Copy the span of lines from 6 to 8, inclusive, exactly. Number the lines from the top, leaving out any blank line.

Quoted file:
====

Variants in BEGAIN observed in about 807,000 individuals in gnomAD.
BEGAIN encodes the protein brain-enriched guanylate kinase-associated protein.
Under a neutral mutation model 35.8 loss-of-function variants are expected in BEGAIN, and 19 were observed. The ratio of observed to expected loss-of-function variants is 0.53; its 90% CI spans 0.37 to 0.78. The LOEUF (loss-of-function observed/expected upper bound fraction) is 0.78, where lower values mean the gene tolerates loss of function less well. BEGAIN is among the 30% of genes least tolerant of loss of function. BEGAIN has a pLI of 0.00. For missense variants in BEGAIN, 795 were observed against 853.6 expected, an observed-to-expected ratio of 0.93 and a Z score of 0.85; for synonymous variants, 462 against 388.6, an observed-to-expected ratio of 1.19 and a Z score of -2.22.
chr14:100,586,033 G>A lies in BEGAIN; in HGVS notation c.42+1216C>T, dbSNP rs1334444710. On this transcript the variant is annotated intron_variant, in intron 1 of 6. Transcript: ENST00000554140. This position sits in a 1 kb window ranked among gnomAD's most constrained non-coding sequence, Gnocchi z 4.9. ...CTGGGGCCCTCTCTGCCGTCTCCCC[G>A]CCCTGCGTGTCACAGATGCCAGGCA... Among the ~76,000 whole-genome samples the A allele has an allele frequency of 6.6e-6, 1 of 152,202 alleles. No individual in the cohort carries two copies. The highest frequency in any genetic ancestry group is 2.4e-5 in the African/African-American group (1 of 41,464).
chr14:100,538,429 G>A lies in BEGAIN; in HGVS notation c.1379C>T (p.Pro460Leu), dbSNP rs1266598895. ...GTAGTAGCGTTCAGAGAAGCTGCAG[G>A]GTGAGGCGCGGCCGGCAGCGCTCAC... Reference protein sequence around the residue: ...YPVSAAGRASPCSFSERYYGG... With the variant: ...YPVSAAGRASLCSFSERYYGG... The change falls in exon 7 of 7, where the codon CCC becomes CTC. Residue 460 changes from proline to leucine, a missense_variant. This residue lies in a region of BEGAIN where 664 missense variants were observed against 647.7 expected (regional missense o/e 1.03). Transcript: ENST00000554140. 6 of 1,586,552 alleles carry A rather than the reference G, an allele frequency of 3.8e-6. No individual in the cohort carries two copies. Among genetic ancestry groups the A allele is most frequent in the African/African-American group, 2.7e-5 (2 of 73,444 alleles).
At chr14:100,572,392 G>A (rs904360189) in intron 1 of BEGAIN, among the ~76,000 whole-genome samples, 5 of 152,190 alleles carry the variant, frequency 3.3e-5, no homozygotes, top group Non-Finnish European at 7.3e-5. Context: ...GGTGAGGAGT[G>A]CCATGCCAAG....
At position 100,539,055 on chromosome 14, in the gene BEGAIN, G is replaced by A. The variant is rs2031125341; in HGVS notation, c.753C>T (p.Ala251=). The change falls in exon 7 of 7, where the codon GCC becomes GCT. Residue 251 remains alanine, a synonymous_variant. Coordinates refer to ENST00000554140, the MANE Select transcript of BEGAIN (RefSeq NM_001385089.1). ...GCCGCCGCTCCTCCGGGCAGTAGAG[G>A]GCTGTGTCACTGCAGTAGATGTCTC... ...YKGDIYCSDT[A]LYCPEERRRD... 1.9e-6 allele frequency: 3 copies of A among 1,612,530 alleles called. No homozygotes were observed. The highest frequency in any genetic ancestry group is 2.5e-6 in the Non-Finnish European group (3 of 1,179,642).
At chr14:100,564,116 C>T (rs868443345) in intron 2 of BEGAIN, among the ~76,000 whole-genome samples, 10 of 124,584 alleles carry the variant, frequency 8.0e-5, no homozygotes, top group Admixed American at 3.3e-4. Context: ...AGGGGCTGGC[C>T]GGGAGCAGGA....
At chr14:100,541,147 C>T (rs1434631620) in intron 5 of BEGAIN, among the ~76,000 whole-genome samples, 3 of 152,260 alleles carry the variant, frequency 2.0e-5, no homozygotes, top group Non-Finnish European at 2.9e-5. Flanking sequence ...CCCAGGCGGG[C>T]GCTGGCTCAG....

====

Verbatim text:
At chr14:100,572,392 G>A (rs904360189) in intron 1 of BEGAIN, among the ~76,000 whole-genome samples, 5 of 152,190 alleles carry the variant, frequency 3.3e-5, no homozygotes, top group Non-Finnish European at 7.3e-5. Context: ...GGTGAGGAGT[G>A]CCATGCCAAG....
At position 100,539,055 on chromosome 14, in the gene BEGAIN, G is replaced by A. The variant is rs2031125341; in HGVS notation, c.753C>T (p.Ala251=). The change falls in exon 7 of 7, where the codon GCC becomes GCT. Residue 251 remains alanine, a synonymous_variant. Coordinates refer to ENST00000554140, the MANE Select transcript of BEGAIN (RefSeq NM_001385089.1). ...GCCGCCGCTCCTCCGGGCAGTAGAG[G>A]GCTGTGTCACTGCAGTAGATGTCTC... ...YKGDIYCSDT[A]LYCPEERRRD... 1.9e-6 allele frequency: 3 copies of A among 1,612,530 alleles called. No homozygotes were observed. The highest frequency in any genetic ancestry group is 2.5e-6 in the Non-Finnish European group (3 of 1,179,642).
At chr14:100,564,116 C>T (rs868443345) in intron 2 of BEGAIN, among the ~76,000 whole-genome samples, 10 of 124,584 alleles carry the variant, frequency 8.0e-5, no homozygotes, top group Admixed American at 3.3e-4. Context: ...AGGGGCTGGC[C>T]GGGAGCAGGA....